Last week in New York, and yesterday, ‘covering’ a terrorist attack at the entrance to Kiryat Arba, at the gas station where I fill up every time my tank gets thirsty. An Arab stepped out of a taxi, holding a knife, and according to some reports, also an axe, starting screaming, not ‘HaGomel,’ rather Allah HuAkbar – and started slashing. Only true Divine miracle prevented anyone from being killed.
That kind of event brings a person back to ‘everyday reality’ very quickly.
But, thinking back is not only yesterday or last week. This Shabbat, exactly seven years ago, three terrorists attacked Jews outside the south gate of Kiryat Arba, leaving 12 dead, including 3 civilians from Kiryat Arba’s emergency squad, and nine officers and soldiers, among them, Col. Dror Weinberg, commander of the Judea Brigade, the highest ranking officer killed during the “Oslo War,” aka the 2nd intifada. Thinking about, not only those men we lost, but the bravery of those who stood and fought, and finally killed the terrorists, still sends chills down my spine.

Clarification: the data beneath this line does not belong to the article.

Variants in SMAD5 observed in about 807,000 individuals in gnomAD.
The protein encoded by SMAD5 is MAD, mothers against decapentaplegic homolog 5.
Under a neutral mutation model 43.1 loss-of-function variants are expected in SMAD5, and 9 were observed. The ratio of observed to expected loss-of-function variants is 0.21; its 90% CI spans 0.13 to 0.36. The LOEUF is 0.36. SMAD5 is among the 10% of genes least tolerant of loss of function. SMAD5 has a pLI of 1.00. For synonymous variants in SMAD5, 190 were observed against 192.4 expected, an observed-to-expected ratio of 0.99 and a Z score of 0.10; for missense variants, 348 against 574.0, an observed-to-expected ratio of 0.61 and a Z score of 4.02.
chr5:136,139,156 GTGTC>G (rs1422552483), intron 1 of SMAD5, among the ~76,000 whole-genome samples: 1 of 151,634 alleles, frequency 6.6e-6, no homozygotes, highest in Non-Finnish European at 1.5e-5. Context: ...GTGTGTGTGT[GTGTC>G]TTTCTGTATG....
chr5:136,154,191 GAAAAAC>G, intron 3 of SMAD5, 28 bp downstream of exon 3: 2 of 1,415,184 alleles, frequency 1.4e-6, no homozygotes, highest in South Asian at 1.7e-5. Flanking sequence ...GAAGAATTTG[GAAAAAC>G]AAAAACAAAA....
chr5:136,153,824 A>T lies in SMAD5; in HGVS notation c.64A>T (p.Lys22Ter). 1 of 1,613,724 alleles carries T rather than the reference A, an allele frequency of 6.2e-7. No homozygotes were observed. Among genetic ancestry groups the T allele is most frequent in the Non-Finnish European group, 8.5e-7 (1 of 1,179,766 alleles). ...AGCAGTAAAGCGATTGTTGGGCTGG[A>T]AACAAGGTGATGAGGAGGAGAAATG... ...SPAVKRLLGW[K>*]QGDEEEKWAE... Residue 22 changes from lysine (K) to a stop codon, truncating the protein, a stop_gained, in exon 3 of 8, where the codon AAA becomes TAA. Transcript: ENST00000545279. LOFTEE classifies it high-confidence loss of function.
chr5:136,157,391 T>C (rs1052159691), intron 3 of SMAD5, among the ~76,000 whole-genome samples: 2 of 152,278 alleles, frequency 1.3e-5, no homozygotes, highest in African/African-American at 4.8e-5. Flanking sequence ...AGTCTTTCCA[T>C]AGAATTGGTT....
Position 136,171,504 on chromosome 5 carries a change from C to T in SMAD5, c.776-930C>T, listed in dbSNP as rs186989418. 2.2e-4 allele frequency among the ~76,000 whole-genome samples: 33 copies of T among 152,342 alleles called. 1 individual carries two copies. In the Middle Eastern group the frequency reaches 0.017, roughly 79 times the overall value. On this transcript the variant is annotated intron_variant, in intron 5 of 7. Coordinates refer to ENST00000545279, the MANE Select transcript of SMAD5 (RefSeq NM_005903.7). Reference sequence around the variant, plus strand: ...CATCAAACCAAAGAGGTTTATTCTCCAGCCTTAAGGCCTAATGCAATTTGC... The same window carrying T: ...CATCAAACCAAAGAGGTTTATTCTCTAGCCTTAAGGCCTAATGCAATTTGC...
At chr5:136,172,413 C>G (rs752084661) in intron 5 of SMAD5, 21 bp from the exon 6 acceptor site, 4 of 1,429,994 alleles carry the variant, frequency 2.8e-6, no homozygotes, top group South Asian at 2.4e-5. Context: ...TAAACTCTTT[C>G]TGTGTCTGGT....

Several of those heroes are from Hebron, but the person I remember most was a Druze officer name Siach, who drove over two and a half hours from his home in the north of Israel to Hebron to take part in the mission. Arriving and hearing that the last terrorist was still hiding on the roof of a house, he climbed up by himself, all alone, and faced off with the terrorist, killing him before the Arab killed him. Courage and faith so strong; it’s beyond my human comprehension.